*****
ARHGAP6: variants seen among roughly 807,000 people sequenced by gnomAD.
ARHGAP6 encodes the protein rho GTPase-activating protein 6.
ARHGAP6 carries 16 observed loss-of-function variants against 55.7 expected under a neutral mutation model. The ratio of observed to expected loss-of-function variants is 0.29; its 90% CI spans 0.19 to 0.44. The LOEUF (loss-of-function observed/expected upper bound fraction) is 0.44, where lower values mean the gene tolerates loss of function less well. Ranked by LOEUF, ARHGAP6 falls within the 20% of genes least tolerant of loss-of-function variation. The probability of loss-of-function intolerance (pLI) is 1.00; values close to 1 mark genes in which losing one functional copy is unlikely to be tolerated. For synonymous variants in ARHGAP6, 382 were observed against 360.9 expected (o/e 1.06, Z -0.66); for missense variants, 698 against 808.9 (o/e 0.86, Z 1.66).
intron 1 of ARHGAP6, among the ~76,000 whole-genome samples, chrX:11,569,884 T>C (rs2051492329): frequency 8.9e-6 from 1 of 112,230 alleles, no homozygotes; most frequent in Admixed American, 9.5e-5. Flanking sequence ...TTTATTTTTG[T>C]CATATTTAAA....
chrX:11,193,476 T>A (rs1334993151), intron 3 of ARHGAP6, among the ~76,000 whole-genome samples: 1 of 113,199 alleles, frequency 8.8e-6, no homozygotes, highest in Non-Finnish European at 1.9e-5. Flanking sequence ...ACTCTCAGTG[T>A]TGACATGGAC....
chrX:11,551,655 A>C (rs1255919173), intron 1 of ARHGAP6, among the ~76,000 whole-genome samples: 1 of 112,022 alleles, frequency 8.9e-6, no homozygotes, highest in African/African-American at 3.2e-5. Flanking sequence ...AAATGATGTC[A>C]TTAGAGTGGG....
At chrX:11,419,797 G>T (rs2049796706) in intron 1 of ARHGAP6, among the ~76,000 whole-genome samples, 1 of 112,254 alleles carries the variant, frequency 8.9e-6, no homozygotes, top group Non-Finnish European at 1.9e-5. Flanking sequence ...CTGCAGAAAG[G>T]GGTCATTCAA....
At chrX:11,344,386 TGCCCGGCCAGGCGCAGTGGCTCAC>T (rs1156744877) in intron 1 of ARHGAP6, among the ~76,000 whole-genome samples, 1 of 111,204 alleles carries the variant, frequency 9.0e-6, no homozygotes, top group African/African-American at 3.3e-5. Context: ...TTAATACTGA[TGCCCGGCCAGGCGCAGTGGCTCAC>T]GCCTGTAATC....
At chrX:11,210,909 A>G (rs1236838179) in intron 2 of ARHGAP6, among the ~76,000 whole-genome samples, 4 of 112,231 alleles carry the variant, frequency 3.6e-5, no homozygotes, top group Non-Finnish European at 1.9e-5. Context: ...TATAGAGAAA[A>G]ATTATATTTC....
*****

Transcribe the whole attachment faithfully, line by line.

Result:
ARHGAP6: variants seen among roughly 807,000 people sequenced by gnomAD.
ARHGAP6 encodes the protein rho GTPase-activating protein 6.
ARHGAP6 carries 16 observed loss-of-function variants against 55.7 expected under a neutral mutation model. The ratio of observed to expected loss-of-function variants is 0.29; its 90% CI spans 0.19 to 0.44. The LOEUF (loss-of-function observed/expected upper bound fraction) is 0.44, where lower values mean the gene tolerates loss of function less well. Ranked by LOEUF, ARHGAP6 falls within the 20% of genes least tolerant of loss-of-function variation. The probability of loss-of-function intolerance (pLI) is 1.00; values close to 1 mark genes in which losing one functional copy is unlikely to be tolerated. For synonymous variants in ARHGAP6, 382 were observed against 360.9 expected (o/e 1.06, Z -0.66); for missense variants, 698 against 808.9 (o/e 0.86, Z 1.66).
intron 1 of ARHGAP6, among the ~76,000 whole-genome samples, chrX:11,569,884 T>C (rs2051492329): frequency 8.9e-6 from 1 of 112,230 alleles, no homozygotes; most frequent in Admixed American, 9.5e-5. Flanking sequence ...TTTATTTTTG[T>C]CATATTTAAA....
chrX:11,193,476 T>A (rs1334993151), intron 3 of ARHGAP6, among the ~76,000 whole-genome samples: 1 of 113,199 alleles, frequency 8.8e-6, no homozygotes, highest in Non-Finnish European at 1.9e-5. Flanking sequence ...ACTCTCAGTG[T>A]TGACATGGAC....
chrX:11,551,655 A>C (rs1255919173), intron 1 of ARHGAP6, among the ~76,000 whole-genome samples: 1 of 112,022 alleles, frequency 8.9e-6, no homozygotes, highest in African/African-American at 3.2e-5. Flanking sequence ...AAATGATGTC[A>C]TTAGAGTGGG....
At chrX:11,419,797 G>T (rs2049796706) in intron 1 of ARHGAP6, among the ~76,000 whole-genome samples, 1 of 112,254 alleles carries the variant, frequency 8.9e-6, no homozygotes, top group Non-Finnish European at 1.9e-5. Flanking sequence ...CTGCAGAAAG[G>T]GGTCATTCAA....
At chrX:11,344,386 TGCCCGGCCAGGCGCAGTGGCTCAC>T (rs1156744877) in intron 1 of ARHGAP6, among the ~76,000 whole-genome samples, 1 of 111,204 alleles carries the variant, frequency 9.0e-6, no homozygotes, top group African/African-American at 3.3e-5. Context: ...TTAATACTGA[TGCCCGGCCAGGCGCAGTGGCTCAC>T]GCCTGTAATC....
At chrX:11,210,909 A>G (rs1236838179) in intron 2 of ARHGAP6, among the ~76,000 whole-genome samples, 4 of 112,231 alleles carry the variant, frequency 3.6e-5, no homozygotes, top group Non-Finnish European at 1.9e-5. Context: ...TATAGAGAAA[A>G]ATTATATTTC....